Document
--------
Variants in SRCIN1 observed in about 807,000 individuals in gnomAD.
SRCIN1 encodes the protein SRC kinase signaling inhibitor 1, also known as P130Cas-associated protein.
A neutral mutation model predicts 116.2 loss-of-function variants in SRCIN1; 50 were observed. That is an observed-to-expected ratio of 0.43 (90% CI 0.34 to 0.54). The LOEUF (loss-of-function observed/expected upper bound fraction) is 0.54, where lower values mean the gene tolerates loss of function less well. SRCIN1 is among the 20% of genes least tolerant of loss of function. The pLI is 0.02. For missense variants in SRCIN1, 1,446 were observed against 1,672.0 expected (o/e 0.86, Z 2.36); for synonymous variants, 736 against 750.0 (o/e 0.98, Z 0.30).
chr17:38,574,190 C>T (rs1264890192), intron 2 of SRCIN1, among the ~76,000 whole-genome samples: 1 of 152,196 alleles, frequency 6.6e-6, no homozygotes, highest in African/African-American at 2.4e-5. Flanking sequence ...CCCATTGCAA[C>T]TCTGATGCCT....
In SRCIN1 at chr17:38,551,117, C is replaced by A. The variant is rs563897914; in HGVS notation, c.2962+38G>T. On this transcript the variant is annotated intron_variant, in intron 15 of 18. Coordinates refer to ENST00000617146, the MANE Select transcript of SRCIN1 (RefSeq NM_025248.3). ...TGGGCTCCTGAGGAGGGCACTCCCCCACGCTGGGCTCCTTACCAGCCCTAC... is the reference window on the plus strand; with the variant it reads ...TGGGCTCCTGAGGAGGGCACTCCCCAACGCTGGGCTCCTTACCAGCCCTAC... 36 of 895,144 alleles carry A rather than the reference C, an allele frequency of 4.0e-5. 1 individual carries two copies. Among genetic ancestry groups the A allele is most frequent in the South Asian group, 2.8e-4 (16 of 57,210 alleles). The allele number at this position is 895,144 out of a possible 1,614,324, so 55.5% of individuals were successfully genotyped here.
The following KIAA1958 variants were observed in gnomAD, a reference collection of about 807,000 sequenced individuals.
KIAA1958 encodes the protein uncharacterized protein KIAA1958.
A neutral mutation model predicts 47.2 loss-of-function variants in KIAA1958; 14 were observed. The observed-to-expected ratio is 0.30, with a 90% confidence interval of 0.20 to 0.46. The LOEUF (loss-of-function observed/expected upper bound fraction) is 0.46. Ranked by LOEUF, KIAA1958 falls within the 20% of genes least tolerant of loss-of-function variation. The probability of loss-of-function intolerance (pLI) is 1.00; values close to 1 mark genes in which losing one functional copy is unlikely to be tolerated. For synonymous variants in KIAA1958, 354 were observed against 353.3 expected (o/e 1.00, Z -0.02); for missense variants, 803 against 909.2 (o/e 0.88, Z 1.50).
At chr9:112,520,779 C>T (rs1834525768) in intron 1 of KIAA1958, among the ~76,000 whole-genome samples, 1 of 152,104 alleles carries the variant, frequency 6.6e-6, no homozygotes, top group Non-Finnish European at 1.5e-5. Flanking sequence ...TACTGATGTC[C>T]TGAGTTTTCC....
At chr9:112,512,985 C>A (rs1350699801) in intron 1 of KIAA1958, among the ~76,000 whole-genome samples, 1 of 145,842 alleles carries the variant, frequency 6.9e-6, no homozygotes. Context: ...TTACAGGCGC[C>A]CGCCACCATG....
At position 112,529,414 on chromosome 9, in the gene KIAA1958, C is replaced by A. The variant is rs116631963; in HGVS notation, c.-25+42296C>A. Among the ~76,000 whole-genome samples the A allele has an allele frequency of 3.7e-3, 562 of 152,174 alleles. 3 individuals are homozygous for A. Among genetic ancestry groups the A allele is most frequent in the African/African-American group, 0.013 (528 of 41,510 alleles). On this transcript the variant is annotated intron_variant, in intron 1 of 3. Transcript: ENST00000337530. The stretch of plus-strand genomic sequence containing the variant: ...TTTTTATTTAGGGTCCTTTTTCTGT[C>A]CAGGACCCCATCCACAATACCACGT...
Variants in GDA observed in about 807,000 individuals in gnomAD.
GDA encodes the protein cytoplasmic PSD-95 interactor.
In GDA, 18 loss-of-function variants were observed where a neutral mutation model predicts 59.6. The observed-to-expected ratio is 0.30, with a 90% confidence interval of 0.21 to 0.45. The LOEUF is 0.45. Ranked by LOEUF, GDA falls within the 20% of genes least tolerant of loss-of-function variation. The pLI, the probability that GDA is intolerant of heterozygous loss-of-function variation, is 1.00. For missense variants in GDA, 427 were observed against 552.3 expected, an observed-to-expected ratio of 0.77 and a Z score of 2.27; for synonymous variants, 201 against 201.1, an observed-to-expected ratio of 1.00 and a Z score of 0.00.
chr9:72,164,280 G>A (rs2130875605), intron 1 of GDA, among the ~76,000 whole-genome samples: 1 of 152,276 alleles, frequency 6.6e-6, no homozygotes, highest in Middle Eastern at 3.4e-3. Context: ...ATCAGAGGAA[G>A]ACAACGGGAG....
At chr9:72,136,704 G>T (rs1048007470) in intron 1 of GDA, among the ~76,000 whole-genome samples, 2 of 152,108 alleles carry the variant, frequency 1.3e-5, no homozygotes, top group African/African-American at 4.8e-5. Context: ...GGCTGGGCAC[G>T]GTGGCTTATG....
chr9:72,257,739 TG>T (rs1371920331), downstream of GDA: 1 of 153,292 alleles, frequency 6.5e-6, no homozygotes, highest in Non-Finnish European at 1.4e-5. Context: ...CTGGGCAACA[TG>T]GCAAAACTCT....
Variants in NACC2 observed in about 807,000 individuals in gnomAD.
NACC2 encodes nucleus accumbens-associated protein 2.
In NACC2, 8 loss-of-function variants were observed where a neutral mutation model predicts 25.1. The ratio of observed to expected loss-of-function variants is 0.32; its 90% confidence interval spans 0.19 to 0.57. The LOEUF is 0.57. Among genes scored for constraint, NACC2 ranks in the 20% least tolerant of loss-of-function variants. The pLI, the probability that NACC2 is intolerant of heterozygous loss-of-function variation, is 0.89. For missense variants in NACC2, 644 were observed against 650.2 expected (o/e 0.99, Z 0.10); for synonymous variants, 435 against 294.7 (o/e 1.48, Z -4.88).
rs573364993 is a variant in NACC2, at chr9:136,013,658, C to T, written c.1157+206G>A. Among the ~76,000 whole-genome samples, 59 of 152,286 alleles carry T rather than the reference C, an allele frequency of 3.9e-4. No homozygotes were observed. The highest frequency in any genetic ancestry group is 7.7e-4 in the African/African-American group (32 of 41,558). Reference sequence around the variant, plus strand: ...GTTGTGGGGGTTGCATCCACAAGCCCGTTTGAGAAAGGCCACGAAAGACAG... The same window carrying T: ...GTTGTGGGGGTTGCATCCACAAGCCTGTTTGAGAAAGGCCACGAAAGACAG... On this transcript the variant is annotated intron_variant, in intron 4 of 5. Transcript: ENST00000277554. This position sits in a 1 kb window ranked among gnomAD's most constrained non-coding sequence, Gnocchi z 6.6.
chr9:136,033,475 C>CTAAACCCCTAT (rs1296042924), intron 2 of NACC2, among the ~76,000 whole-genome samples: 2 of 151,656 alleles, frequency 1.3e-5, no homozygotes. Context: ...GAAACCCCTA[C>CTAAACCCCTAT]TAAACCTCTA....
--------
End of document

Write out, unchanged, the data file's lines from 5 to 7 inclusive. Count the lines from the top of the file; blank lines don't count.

In SRCIN1 at chr17:38,551,117, C is replaced by A. The variant is rs563897914; in HGVS notation, c.2962+38G>T. On this transcript the variant is annotated intron_variant, in intron 15 of 18. Coordinates refer to ENST00000617146, the MANE Select transcript of SRCIN1 (RefSeq NM_025248.3). ...TGGGCTCCTGAGGAGGGCACTCCCCCACGCTGGGCTCCTTACCAGCCCTAC... is the reference window on the plus strand; with the variant it reads ...TGGGCTCCTGAGGAGGGCACTCCCCAACGCTGGGCTCCTTACCAGCCCTAC... 36 of 895,144 alleles carry A rather than the reference C, an allele frequency of 4.0e-5. 1 individual carries two copies. Among genetic ancestry groups the A allele is most frequent in the South Asian group, 2.8e-4 (16 of 57,210 alleles). The allele number at this position is 895,144 out of a possible 1,614,324, so 55.5% of individuals were successfully genotyped here.
The following KIAA1958 variants were observed in gnomAD, a reference collection of about 807,000 sequenced individuals.
KIAA1958 encodes the protein uncharacterized protein KIAA1958.